Ph.D. Candidate Studying Framing of Guantánamo Bay Prisoner Treatment Awarded Fellowship | Department of Political Science | Kent State University

Ph.D. Candidate Studying Framing of Guantánamo Bay Prisoner Treatment Awarded Fellowship

Kristen Traynor, doctoral candidate in the Department of Political Science, has been awarded a University Fellowship by the Division of Graduate Studies for the 2015-2016 academic year. The fellowship is designed to recognize students with outstanding research potential and scholarship. As a part of the fellowship, she will be teaching Politics and the Mass Media in the fall and will devote the spring semester to completing her dissertation. Her research focuses on the nexus of political communication and human rights issues, looking specifically at the ways in which presidential administrations, congressional leaders and the media frame the treatment of detainees held at Guantánamo Bay. Kristen has previously received a Graduate Student Senate Research Award and a Graduate Student Orientation Teaching Fellowship. She earned both a Bachelors of Science in broadcast journalism and a Masters of Arts in political science from Kent State University.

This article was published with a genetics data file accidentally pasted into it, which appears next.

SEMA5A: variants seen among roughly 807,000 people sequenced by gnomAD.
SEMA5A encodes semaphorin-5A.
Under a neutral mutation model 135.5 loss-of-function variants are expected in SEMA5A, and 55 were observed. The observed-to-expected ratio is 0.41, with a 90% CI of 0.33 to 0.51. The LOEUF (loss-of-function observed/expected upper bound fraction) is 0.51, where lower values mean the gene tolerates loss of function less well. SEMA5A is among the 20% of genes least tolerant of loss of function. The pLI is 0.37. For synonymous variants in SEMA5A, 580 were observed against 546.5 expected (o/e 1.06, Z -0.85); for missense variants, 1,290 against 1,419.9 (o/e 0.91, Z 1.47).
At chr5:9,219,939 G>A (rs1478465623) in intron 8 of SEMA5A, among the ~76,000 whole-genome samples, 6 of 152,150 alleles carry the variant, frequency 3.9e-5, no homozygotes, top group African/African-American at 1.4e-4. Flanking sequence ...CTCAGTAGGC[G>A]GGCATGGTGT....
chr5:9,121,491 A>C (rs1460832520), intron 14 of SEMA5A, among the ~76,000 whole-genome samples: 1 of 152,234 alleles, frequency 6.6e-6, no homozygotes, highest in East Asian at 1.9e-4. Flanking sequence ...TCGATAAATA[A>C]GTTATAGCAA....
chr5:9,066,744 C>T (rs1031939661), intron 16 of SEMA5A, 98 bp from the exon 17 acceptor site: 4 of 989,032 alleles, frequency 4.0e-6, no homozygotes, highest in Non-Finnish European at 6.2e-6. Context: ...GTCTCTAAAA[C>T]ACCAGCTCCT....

Dissertation Title: Capturing Influence: Elite and Media Framing of Prisoner Treatment at Guantánamo Bay

Abstract: Since the Abu Ghraib scandal in 2004, the treatment of prisoners at U.S. military detention centers as part of the “War on Terror” has become a widely-studied issue; however, most researchers have ignored Guantánamo Bay prison in favor of the Abu Ghraib case. This research examines how the mainstream media and governing elite framed prisoner treatment at Guantánamo Bay during two hunger strike periods in order to explain whether the media were reliant on governmental framing or acted more autonomously in reporting on the issue. To explore these questions, this study employs a two-step methodology that utilizes both mixed-methods content analysis and process tracing to analyze elite and media frames concerning prisoner treatment across two presidential administrations. This project speaks to our understanding of how the media frame human rights and foreign policy issues and who influences such framing.